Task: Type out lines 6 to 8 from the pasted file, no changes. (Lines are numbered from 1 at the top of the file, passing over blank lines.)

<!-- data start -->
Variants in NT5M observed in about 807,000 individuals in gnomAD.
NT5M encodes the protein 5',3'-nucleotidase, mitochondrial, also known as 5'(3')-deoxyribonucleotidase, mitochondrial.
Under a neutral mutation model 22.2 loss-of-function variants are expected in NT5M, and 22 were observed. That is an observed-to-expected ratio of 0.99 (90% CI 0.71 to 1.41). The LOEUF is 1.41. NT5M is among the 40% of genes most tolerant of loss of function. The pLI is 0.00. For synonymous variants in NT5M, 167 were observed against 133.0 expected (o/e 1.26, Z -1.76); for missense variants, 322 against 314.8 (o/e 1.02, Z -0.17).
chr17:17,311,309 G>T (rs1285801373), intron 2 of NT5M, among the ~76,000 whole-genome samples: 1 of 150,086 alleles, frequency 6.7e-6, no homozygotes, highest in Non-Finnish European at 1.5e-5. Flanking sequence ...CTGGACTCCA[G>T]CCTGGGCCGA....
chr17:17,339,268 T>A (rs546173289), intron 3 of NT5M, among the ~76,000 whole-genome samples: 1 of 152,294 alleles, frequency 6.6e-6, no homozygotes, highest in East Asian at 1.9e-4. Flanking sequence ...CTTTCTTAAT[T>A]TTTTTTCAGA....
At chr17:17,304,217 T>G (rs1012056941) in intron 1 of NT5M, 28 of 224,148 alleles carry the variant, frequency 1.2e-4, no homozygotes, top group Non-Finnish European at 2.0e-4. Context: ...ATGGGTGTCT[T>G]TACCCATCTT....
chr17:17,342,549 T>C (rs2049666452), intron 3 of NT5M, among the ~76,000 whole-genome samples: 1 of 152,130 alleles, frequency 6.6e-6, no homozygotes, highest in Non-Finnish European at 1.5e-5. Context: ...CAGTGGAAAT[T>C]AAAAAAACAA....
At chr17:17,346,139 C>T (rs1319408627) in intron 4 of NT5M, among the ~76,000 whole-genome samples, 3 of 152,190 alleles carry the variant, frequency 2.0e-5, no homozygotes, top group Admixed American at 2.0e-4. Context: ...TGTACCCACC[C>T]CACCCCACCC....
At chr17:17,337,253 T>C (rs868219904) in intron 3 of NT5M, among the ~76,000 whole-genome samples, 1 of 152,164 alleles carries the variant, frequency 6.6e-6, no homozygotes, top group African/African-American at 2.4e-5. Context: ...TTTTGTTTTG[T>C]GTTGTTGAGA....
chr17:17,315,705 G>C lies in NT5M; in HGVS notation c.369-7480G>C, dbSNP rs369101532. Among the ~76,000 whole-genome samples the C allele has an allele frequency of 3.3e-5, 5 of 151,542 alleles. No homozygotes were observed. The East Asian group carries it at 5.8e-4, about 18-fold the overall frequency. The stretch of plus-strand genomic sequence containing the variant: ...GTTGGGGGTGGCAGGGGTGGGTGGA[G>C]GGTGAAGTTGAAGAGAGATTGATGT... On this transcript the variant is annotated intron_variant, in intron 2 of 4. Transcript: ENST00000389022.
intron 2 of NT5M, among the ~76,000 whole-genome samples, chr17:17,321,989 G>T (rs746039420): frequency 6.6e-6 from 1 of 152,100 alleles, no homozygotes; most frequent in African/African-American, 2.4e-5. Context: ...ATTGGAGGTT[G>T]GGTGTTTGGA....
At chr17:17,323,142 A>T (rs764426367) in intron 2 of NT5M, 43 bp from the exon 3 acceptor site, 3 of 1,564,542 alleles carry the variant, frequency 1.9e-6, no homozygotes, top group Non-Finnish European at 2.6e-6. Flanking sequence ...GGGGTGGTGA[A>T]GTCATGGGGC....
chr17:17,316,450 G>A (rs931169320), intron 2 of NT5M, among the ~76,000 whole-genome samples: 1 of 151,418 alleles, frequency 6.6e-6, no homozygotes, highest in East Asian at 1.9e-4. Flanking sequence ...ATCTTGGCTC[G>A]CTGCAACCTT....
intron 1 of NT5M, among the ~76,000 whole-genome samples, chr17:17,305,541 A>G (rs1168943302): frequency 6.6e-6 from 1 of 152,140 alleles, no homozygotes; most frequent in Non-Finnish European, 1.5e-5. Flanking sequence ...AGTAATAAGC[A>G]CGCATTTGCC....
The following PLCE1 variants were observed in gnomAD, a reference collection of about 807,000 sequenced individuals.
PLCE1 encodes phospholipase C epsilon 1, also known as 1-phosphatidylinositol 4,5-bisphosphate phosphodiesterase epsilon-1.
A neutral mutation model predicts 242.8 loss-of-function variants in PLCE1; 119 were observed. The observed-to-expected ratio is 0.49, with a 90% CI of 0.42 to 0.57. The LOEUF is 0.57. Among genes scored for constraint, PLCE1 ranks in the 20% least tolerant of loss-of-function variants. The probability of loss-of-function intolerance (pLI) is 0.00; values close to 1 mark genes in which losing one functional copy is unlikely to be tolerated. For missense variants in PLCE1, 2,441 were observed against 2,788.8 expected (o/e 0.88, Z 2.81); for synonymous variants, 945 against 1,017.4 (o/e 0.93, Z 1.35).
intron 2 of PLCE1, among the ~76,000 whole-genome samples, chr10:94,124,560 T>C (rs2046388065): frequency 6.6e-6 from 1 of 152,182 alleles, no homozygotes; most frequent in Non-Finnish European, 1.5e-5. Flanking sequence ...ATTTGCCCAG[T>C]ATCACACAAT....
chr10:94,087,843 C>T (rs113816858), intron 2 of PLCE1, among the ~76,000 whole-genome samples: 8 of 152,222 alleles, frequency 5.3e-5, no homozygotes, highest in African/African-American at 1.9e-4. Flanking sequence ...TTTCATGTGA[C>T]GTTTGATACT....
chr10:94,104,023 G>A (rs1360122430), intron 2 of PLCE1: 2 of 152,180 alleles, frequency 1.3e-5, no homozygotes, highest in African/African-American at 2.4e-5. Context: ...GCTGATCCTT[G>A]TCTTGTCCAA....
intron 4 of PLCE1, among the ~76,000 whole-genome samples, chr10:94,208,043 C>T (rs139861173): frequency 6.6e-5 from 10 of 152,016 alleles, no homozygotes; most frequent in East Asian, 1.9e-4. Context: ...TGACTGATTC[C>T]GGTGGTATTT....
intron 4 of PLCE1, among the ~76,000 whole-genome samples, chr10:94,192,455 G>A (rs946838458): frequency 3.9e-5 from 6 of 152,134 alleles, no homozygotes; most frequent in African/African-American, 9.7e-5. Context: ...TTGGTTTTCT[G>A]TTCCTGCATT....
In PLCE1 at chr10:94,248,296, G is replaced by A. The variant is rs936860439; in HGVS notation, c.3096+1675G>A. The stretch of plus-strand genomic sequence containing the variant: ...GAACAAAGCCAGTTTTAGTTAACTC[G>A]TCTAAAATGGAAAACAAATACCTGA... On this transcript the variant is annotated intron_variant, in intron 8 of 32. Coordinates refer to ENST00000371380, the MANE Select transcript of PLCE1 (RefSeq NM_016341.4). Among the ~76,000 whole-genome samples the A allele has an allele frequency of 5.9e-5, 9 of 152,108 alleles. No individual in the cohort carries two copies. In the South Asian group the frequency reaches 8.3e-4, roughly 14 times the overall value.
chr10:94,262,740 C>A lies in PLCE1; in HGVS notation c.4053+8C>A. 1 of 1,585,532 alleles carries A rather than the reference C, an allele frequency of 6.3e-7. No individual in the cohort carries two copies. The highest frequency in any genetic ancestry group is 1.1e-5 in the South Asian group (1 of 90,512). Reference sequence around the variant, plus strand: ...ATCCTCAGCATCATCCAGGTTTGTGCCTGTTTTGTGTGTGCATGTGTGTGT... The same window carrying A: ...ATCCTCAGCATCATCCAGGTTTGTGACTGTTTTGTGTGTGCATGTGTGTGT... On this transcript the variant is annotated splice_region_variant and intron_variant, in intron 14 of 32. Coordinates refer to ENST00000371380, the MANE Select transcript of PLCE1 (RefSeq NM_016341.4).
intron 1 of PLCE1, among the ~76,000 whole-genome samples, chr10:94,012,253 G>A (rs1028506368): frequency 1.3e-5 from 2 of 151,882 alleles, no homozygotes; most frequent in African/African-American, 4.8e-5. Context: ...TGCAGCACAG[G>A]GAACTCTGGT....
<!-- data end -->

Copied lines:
At chr17:17,304,217 T>G (rs1012056941) in intron 1 of NT5M, 28 of 224,148 alleles carry the variant, frequency 1.2e-4, no homozygotes, top group Non-Finnish European at 2.0e-4. Context: ...ATGGGTGTCT[T>G]TACCCATCTT....
chr17:17,342,549 T>C (rs2049666452), intron 3 of NT5M, among the ~76,000 whole-genome samples: 1 of 152,130 alleles, frequency 6.6e-6, no homozygotes, highest in Non-Finnish European at 1.5e-5. Context: ...CAGTGGAAAT[T>C]AAAAAAACAA....
At chr17:17,346,139 C>T (rs1319408627) in intron 4 of NT5M, among the ~76,000 whole-genome samples, 3 of 152,190 alleles carry the variant, frequency 2.0e-5, no homozygotes, top group Admixed American at 2.0e-4. Context: ...TGTACCCACC[C>T]CACCCCACCC....